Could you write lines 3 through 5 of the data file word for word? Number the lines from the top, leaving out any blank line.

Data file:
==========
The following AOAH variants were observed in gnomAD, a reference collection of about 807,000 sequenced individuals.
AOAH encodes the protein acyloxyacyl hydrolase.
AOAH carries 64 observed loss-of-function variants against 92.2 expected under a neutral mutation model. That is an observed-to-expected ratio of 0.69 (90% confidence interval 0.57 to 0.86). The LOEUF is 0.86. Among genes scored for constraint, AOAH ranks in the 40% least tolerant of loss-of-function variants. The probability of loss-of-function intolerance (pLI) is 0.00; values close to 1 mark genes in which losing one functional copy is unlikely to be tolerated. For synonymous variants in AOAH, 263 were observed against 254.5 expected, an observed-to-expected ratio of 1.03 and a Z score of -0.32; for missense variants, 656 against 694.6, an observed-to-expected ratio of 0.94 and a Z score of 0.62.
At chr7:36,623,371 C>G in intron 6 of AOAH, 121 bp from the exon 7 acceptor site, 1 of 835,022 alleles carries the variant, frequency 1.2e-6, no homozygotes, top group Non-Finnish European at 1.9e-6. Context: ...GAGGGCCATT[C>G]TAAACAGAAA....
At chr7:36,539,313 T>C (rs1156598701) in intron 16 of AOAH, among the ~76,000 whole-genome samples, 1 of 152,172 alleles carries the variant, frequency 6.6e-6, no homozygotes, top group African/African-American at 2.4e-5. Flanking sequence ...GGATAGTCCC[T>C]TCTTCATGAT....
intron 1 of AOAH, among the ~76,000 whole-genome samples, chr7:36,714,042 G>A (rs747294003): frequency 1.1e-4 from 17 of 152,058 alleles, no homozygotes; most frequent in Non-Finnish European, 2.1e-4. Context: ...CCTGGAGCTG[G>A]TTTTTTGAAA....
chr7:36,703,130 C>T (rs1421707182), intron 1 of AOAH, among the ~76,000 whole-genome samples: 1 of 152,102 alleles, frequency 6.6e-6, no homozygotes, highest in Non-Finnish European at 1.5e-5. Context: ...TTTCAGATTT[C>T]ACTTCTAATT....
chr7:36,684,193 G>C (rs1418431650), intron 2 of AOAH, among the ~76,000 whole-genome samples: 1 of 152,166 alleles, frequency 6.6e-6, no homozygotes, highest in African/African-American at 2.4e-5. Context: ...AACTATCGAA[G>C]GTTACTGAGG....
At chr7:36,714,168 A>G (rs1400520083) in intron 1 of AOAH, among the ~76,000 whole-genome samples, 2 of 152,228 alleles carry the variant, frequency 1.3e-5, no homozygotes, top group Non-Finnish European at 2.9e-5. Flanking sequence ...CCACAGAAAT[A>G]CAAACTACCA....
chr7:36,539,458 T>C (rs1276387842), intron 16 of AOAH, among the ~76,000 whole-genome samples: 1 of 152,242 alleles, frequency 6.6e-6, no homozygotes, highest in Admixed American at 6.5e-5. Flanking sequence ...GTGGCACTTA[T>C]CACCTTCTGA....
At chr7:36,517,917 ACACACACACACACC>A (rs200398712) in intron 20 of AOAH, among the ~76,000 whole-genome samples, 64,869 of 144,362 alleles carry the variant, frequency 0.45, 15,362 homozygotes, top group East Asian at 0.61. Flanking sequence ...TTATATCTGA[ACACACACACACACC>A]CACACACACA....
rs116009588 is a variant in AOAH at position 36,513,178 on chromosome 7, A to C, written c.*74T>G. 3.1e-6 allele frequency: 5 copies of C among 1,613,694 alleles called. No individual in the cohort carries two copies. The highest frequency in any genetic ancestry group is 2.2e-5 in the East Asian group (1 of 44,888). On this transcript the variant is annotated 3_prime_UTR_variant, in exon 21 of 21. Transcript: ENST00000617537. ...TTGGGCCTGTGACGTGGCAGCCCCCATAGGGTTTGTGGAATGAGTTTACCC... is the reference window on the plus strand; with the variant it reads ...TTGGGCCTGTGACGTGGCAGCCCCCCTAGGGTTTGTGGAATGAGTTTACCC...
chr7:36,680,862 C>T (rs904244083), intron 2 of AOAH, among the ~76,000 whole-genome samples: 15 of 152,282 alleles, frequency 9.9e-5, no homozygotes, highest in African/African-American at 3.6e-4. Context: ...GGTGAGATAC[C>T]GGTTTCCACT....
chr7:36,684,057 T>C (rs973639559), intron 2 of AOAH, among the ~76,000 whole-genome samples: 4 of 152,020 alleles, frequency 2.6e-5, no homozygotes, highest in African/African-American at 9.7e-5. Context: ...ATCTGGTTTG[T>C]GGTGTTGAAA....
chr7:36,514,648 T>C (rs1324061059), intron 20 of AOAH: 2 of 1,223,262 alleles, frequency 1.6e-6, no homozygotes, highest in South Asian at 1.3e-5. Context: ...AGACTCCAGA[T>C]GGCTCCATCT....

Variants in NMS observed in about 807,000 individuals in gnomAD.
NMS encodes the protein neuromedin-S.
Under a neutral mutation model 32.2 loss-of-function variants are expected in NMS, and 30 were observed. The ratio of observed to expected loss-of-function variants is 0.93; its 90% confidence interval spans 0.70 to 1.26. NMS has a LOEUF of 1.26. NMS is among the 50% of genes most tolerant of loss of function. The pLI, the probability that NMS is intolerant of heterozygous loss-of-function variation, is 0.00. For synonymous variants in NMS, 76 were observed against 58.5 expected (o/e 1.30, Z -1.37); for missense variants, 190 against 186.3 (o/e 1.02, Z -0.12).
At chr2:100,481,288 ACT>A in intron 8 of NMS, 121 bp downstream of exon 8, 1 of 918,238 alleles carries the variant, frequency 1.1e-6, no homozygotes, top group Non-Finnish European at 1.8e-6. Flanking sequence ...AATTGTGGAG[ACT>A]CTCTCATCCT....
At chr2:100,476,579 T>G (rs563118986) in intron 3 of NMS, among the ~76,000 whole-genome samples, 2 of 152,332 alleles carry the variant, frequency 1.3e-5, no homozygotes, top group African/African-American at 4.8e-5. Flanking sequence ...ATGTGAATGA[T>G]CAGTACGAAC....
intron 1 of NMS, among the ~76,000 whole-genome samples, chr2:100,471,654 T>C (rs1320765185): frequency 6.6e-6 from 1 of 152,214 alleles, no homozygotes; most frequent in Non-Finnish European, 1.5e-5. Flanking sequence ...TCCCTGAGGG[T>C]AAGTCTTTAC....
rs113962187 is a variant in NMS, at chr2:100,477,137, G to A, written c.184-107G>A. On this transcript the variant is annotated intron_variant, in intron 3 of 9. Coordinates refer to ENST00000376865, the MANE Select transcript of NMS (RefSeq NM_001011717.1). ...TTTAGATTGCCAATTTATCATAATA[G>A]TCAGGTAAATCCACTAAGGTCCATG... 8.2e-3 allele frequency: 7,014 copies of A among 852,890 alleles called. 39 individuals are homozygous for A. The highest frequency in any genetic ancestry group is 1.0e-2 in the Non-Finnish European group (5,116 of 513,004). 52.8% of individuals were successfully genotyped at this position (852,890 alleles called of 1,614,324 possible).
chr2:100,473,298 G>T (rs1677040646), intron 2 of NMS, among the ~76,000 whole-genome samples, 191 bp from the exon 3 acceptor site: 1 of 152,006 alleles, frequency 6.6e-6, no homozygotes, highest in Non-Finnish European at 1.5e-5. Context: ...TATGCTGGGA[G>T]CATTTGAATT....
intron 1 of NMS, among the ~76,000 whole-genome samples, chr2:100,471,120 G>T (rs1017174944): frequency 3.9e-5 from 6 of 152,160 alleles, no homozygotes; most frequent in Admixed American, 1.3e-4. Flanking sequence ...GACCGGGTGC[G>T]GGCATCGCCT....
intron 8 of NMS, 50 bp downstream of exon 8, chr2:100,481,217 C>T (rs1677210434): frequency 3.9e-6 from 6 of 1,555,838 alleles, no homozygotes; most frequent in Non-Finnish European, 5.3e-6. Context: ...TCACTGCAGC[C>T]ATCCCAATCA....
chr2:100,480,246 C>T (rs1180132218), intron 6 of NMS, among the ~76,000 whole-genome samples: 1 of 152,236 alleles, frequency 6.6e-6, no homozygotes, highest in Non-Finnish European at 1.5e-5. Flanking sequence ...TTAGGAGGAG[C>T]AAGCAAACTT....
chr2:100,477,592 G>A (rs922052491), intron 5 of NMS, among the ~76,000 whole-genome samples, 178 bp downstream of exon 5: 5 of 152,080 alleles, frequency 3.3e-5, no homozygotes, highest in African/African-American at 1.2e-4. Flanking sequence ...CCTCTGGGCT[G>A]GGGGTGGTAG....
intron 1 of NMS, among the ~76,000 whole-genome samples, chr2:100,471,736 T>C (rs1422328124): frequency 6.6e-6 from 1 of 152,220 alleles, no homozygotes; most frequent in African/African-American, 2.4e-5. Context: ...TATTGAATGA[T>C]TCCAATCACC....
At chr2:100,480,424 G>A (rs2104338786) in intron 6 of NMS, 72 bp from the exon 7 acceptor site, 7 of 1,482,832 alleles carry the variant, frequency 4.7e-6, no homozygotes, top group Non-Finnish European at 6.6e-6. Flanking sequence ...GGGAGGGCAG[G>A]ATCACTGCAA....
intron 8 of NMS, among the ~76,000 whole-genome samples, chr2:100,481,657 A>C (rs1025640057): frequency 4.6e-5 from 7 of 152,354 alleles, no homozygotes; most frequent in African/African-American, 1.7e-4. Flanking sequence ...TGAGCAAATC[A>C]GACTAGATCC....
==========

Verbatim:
AOAH carries 64 observed loss-of-function variants against 92.2 expected under a neutral mutation model. That is an observed-to-expected ratio of 0.69 (90% confidence interval 0.57 to 0.86). The LOEUF is 0.86. Among genes scored for constraint, AOAH ranks in the 40% least tolerant of loss-of-function variants. The probability of loss-of-function intolerance (pLI) is 0.00; values close to 1 mark genes in which losing one functional copy is unlikely to be tolerated. For synonymous variants in AOAH, 263 were observed against 254.5 expected, an observed-to-expected ratio of 1.03 and a Z score of -0.32; for missense variants, 656 against 694.6, an observed-to-expected ratio of 0.94 and a Z score of 0.62.
At chr7:36,623,371 C>G in intron 6 of AOAH, 121 bp from the exon 7 acceptor site, 1 of 835,022 alleles carries the variant, frequency 1.2e-6, no homozygotes, top group Non-Finnish European at 1.9e-6. Context: ...GAGGGCCATT[C>G]TAAACAGAAA....
At chr7:36,539,313 T>C (rs1156598701) in intron 16 of AOAH, among the ~76,000 whole-genome samples, 1 of 152,172 alleles carries the variant, frequency 6.6e-6, no homozygotes, top group African/African-American at 2.4e-5. Flanking sequence ...GGATAGTCCC[T>C]TCTTCATGAT....